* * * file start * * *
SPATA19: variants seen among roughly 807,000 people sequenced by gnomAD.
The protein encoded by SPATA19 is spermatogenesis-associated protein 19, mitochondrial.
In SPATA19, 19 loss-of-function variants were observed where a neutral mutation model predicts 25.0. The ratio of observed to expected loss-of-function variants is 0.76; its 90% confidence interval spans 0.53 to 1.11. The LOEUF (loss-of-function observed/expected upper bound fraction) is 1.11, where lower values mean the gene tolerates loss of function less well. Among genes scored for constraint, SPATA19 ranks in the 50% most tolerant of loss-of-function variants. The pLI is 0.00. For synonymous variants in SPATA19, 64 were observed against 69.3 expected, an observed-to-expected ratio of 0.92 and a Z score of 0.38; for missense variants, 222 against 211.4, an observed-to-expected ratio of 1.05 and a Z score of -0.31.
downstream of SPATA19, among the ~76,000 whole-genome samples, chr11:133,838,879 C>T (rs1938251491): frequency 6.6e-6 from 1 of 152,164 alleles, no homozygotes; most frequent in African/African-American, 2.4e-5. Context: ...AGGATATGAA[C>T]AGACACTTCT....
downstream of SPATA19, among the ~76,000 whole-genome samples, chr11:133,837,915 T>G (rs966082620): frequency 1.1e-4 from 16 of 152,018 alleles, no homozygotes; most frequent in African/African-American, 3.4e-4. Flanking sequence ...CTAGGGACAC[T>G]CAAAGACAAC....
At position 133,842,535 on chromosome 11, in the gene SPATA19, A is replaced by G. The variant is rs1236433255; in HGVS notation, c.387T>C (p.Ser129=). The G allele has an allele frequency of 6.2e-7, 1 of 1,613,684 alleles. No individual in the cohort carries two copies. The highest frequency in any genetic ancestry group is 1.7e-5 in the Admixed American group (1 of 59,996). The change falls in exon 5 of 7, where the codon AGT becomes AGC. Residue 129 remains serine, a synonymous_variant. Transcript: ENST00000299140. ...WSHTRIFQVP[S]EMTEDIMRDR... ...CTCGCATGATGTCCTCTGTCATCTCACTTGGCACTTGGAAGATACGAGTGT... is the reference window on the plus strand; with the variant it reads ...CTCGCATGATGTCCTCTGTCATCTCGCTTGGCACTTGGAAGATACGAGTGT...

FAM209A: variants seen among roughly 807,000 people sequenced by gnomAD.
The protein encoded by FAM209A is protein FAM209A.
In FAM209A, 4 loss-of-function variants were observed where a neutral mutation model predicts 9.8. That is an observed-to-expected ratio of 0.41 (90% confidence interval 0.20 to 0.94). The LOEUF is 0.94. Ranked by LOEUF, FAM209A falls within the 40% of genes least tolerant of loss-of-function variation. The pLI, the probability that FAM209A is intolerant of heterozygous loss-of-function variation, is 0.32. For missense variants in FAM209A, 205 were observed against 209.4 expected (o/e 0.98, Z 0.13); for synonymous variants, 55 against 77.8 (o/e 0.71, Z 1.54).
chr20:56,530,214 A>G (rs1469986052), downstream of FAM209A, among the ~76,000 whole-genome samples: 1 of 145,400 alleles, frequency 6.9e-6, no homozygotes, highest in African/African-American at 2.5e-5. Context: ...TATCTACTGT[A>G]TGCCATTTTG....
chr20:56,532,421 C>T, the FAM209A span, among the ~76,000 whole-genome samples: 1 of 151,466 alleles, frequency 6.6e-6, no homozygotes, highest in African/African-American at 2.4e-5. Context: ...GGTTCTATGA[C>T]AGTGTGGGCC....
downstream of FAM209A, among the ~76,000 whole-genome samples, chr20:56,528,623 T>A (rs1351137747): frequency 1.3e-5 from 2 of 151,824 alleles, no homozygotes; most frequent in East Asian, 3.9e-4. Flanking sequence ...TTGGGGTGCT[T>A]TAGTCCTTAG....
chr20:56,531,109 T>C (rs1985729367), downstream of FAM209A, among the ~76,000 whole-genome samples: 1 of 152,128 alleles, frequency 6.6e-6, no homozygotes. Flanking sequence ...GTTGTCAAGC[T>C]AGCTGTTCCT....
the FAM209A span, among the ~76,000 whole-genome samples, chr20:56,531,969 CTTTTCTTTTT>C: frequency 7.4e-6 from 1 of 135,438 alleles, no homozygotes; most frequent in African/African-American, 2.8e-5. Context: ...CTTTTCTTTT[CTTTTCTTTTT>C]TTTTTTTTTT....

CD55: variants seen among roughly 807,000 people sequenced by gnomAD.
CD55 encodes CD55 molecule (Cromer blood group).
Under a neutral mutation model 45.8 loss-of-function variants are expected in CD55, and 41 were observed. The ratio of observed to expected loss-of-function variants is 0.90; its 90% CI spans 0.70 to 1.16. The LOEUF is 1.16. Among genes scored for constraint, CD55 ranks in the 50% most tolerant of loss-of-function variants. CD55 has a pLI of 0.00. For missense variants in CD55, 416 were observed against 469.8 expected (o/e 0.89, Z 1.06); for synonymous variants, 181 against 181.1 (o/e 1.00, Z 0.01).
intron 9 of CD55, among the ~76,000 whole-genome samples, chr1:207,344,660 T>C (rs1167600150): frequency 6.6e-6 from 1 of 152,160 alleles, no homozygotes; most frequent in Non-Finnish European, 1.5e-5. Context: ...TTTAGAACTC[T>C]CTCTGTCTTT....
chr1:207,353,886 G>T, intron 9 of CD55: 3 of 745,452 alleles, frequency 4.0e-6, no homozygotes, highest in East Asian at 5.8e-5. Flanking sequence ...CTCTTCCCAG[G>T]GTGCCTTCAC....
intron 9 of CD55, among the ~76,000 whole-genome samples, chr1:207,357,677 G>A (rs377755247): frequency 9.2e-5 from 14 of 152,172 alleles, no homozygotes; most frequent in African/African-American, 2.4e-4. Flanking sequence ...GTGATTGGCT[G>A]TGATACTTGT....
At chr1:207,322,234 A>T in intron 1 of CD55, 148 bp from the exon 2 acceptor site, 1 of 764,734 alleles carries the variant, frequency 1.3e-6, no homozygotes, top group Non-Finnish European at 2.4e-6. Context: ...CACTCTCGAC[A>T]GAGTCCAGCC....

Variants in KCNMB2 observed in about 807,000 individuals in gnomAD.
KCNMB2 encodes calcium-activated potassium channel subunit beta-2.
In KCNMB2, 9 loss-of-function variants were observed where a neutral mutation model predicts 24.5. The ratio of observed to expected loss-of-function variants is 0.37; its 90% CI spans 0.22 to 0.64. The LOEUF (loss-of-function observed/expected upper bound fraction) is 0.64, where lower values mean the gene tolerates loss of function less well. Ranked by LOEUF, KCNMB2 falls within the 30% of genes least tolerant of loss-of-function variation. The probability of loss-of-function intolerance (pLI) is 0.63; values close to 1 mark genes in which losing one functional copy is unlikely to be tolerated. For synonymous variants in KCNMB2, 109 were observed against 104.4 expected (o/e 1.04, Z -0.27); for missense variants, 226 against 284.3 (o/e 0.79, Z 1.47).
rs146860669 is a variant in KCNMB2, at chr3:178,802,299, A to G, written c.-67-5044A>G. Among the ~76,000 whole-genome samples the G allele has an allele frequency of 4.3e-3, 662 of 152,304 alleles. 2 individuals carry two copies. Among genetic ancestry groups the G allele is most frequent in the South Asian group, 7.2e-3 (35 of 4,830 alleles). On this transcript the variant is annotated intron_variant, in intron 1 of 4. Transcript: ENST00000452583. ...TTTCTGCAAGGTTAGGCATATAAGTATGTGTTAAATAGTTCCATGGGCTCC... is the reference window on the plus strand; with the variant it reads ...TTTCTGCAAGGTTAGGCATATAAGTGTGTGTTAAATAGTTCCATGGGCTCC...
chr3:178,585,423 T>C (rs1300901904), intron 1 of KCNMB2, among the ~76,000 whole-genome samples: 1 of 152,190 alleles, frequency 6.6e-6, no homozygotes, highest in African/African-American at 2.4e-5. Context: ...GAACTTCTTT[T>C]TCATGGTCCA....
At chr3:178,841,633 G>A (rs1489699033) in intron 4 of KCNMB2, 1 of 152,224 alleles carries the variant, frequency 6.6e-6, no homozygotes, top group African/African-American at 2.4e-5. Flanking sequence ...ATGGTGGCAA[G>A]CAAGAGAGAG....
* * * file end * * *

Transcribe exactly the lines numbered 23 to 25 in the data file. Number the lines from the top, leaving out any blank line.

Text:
KCNMB2 encodes calcium-activated potassium channel subunit beta-2.
In KCNMB2, 9 loss-of-function variants were observed where a neutral mutation model predicts 24.5. The ratio of observed to expected loss-of-function variants is 0.37; its 90% CI spans 0.22 to 0.64. The LOEUF (loss-of-function observed/expected upper bound fraction) is 0.64, where lower values mean the gene tolerates loss of function less well. Ranked by LOEUF, KCNMB2 falls within the 30% of genes least tolerant of loss-of-function variation. The probability of loss-of-function intolerance (pLI) is 0.63; values close to 1 mark genes in which losing one functional copy is unlikely to be tolerated. For synonymous variants in KCNMB2, 109 were observed against 104.4 expected (o/e 1.04, Z -0.27); for missense variants, 226 against 284.3 (o/e 0.79, Z 1.47).
rs146860669 is a variant in KCNMB2, at chr3:178,802,299, A to G, written c.-67-5044A>G. Among the ~76,000 whole-genome samples the G allele has an allele frequency of 4.3e-3, 662 of 152,304 alleles. 2 individuals carry two copies. Among genetic ancestry groups the G allele is most frequent in the South Asian group, 7.2e-3 (35 of 4,830 alleles). On this transcript the variant is annotated intron_variant, in intron 1 of 4. Transcript: ENST00000452583. ...TTTCTGCAAGGTTAGGCATATAAGTATGTGTTAAATAGTTCCATGGGCTCC... is the reference window on the plus strand; with the variant it reads ...TTTCTGCAAGGTTAGGCATATAAGTGTGTGTTAAATAGTTCCATGGGCTCC...